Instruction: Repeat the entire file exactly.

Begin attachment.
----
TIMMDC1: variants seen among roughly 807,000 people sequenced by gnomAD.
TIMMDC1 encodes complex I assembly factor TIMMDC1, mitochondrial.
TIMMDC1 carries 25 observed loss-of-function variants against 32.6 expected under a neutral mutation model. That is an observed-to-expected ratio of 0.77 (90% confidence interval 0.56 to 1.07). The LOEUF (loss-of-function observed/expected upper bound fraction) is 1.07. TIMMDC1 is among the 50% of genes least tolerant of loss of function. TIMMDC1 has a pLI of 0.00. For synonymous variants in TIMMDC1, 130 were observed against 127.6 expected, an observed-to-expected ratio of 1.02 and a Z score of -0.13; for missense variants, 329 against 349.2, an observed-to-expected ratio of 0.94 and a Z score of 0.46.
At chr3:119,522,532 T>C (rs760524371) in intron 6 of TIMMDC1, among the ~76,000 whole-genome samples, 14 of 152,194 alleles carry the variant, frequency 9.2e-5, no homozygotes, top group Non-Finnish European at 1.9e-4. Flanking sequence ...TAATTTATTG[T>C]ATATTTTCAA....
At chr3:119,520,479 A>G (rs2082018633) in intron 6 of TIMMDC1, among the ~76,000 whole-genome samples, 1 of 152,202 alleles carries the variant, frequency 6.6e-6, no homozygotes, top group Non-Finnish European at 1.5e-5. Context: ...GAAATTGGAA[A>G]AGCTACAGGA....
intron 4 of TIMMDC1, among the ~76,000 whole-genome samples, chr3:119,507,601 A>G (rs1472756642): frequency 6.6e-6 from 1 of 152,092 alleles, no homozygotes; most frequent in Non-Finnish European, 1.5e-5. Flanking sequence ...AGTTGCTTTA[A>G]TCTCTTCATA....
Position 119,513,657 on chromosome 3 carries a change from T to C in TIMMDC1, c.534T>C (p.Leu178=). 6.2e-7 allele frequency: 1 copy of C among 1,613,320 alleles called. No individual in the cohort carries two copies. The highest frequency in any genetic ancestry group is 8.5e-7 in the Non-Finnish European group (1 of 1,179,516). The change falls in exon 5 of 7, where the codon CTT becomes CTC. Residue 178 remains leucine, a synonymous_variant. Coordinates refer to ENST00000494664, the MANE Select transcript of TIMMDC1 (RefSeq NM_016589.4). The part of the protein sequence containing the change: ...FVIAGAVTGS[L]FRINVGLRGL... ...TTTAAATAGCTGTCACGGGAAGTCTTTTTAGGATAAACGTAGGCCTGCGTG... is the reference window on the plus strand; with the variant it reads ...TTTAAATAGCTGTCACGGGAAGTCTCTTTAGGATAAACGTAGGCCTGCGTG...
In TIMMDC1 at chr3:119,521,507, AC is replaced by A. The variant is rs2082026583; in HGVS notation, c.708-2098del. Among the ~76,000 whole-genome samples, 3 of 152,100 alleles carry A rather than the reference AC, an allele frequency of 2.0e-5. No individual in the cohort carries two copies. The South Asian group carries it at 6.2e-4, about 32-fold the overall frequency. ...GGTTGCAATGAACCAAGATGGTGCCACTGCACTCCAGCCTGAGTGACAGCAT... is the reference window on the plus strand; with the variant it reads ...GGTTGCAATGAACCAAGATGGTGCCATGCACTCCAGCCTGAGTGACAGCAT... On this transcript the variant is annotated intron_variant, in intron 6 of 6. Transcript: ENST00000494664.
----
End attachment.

TIMMDC1: variants seen among roughly 807,000 people sequenced by gnomAD.
TIMMDC1 encodes complex I assembly factor TIMMDC1, mitochondrial.
TIMMDC1 carries 25 observed loss-of-function variants against 32.6 expected under a neutral mutation model. That is an observed-to-expected ratio of 0.77 (90% confidence interval 0.56 to 1.07). The LOEUF (loss-of-function observed/expected upper bound fraction) is 1.07. TIMMDC1 is among the 50% of genes least tolerant of loss of function. TIMMDC1 has a pLI of 0.00. For synonymous variants in TIMMDC1, 130 were observed against 127.6 expected, an observed-to-expected ratio of 1.02 and a Z score of -0.13; for missense variants, 329 against 349.2, an observed-to-expected ratio of 0.94 and a Z score of 0.46.
At chr3:119,522,532 T>C (rs760524371) in intron 6 of TIMMDC1, among the ~76,000 whole-genome samples, 14 of 152,194 alleles carry the variant, frequency 9.2e-5, no homozygotes, top group Non-Finnish European at 1.9e-4. Flanking sequence ...TAATTTATTG[T>C]ATATTTTCAA....
At chr3:119,520,479 A>G (rs2082018633) in intron 6 of TIMMDC1, among the ~76,000 whole-genome samples, 1 of 152,202 alleles carries the variant, frequency 6.6e-6, no homozygotes, top group Non-Finnish European at 1.5e-5. Context: ...GAAATTGGAA[A>G]AGCTACAGGA....
intron 4 of TIMMDC1, among the ~76,000 whole-genome samples, chr3:119,507,601 A>G (rs1472756642): frequency 6.6e-6 from 1 of 152,092 alleles, no homozygotes; most frequent in Non-Finnish European, 1.5e-5. Flanking sequence ...AGTTGCTTTA[A>G]TCTCTTCATA....
Position 119,513,657 on chromosome 3 carries a change from T to C in TIMMDC1, c.534T>C (p.Leu178=). 6.2e-7 allele frequency: 1 copy of C among 1,613,320 alleles called. No individual in the cohort carries two copies. The highest frequency in any genetic ancestry group is 8.5e-7 in the Non-Finnish European group (1 of 1,179,516). The change falls in exon 5 of 7, where the codon CTT becomes CTC. Residue 178 remains leucine, a synonymous_variant. Coordinates refer to ENST00000494664, the MANE Select transcript of TIMMDC1 (RefSeq NM_016589.4). The part of the protein sequence containing the change: ...FVIAGAVTGS[L]FRINVGLRGL... ...TTTAAATAGCTGTCACGGGAAGTCTTTTTAGGATAAACGTAGGCCTGCGTG... is the reference window on the plus strand; with the variant it reads ...TTTAAATAGCTGTCACGGGAAGTCTCTTTAGGATAAACGTAGGCCTGCGTG...
In TIMMDC1 at chr3:119,521,507, AC is replaced by A. The variant is rs2082026583; in HGVS notation, c.708-2098del. Among the ~76,000 whole-genome samples, 3 of 152,100 alleles carry A rather than the reference AC, an allele frequency of 2.0e-5. No individual in the cohort carries two copies. The South Asian group carries it at 6.2e-4, about 32-fold the overall frequency. ...GGTTGCAATGAACCAAGATGGTGCCACTGCACTCCAGCCTGAGTGACAGCAT... is the reference window on the plus strand; with the variant it reads ...GGTTGCAATGAACCAAGATGGTGCCATGCACTCCAGCCTGAGTGACAGCAT... On this transcript the variant is annotated intron_variant, in intron 6 of 6. Transcript: ENST00000494664.